I really, really liked just about every person who worked with us and helped her, and by the end so many people had so confidently told me that nothing was wrong, that I doubted that instinct that kept telling me to push on until we were absolutely certain that she wasn't going to stop breathing again.

Even the doctors who had seen her before believed that it was over and that I had nothing else to worry about.  I knew that they were more of less humoring me when they sent her for a second opinion.  She had been fine in the PICU.

Except in the PICU there were alarms.  I tried to point our the flaw in our two nights of tests.  She had had a band around her chest monitoring her respirations.  Every time it dipped below ten an alarm sounded.  It sounded until she started breathing again.  It sounded every few minutes all night long.

A vacation, I thought?  On your vacations does a piercing siren wake you up every five minutes all night long?

I asked if the alarms could possibly have been the reason that she didn't stop breathing.  I was told that she hadn't woken up all the way, so that couldn't be it.

After watching how the monitor rouses her just enough to breath again without completely waking her, I believe that that was a huge error.

A few days ago I got the call from the sleep center.  I hadn't expected it.  They would only call with abnormal results and the doubt had been creeping in.  I was beginning to doubt what I'd seen with my own eyes again.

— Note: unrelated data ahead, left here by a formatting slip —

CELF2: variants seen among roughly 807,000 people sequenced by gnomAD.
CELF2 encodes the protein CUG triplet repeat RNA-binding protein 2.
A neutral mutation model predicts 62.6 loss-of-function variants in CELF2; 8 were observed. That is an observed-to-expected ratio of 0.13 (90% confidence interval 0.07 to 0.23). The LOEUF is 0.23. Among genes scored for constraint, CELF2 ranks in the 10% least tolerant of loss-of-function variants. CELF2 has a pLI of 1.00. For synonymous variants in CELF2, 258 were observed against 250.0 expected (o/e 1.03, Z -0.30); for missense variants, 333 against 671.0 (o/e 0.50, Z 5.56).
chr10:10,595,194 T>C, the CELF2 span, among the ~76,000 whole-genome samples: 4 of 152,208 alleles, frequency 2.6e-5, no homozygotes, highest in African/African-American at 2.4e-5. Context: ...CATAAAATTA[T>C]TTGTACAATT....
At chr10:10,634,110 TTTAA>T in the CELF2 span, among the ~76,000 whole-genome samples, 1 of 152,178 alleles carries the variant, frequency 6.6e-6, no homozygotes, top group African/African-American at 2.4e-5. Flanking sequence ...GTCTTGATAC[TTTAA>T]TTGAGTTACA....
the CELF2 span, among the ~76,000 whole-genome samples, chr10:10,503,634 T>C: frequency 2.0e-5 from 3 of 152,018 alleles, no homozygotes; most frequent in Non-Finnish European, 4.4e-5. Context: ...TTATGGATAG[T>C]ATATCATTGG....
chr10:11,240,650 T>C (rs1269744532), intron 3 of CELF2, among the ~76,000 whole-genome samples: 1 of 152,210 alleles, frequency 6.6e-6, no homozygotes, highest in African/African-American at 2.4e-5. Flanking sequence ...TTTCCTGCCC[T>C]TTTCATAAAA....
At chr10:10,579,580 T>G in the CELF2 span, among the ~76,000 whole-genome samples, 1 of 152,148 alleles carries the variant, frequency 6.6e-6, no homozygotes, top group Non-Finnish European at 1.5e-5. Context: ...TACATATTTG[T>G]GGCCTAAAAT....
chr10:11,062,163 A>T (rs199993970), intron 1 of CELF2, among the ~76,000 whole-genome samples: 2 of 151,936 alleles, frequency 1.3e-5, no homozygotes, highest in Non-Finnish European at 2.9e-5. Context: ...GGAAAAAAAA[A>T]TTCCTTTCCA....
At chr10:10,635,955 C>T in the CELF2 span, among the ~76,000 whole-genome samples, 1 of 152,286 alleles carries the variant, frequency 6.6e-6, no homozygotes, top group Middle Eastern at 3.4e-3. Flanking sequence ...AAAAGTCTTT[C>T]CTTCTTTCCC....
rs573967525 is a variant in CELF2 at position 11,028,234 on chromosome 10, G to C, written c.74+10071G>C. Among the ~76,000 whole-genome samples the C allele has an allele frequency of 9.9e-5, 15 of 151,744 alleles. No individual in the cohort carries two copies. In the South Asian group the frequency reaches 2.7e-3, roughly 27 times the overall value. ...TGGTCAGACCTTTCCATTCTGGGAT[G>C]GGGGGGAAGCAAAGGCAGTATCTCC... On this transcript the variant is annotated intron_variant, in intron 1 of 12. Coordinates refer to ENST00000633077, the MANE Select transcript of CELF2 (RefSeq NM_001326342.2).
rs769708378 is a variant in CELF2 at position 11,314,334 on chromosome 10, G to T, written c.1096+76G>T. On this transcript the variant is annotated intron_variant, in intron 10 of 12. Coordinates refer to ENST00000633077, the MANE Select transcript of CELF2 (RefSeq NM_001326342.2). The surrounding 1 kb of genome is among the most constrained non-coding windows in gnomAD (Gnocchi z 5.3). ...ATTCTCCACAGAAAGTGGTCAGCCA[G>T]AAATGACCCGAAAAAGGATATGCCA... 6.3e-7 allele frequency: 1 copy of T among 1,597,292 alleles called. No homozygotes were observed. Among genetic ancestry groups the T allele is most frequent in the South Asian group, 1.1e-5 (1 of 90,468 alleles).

She had had 38 central apneas and 7 hypopneas this time.  Her oxygen level only dipped into the 80s this time, not the seventies.  But she has central apnea.  She had needed that monitor and what I'd been witnessing really was her not breathing for more than twenty seconds at a time.

She now wears a monitor when she naps and at night and when we drive in the car.  Yesterday the alarm went off in the car and continued to sound until she started breathing again.  In two weeks we go back to the same children's hospital for an MRI.  Usually central apnea indicates a problem with the brain stem, so her neurologist would really like to take a look at it to see if that's the root of the problem.

And I am a jumble of emotions.  Initially I was relieved. I was afraid that if the sleep study didn't show anything they would take the monitor away and I would never sleep again.  But at the same time central apnea is a frightening diagnosis, as I was repeatedly told in the PICU, and I hadn't realized how much I was relying on that doubt, and the hope that maybe she didn't have it, to get through the days without a monitor.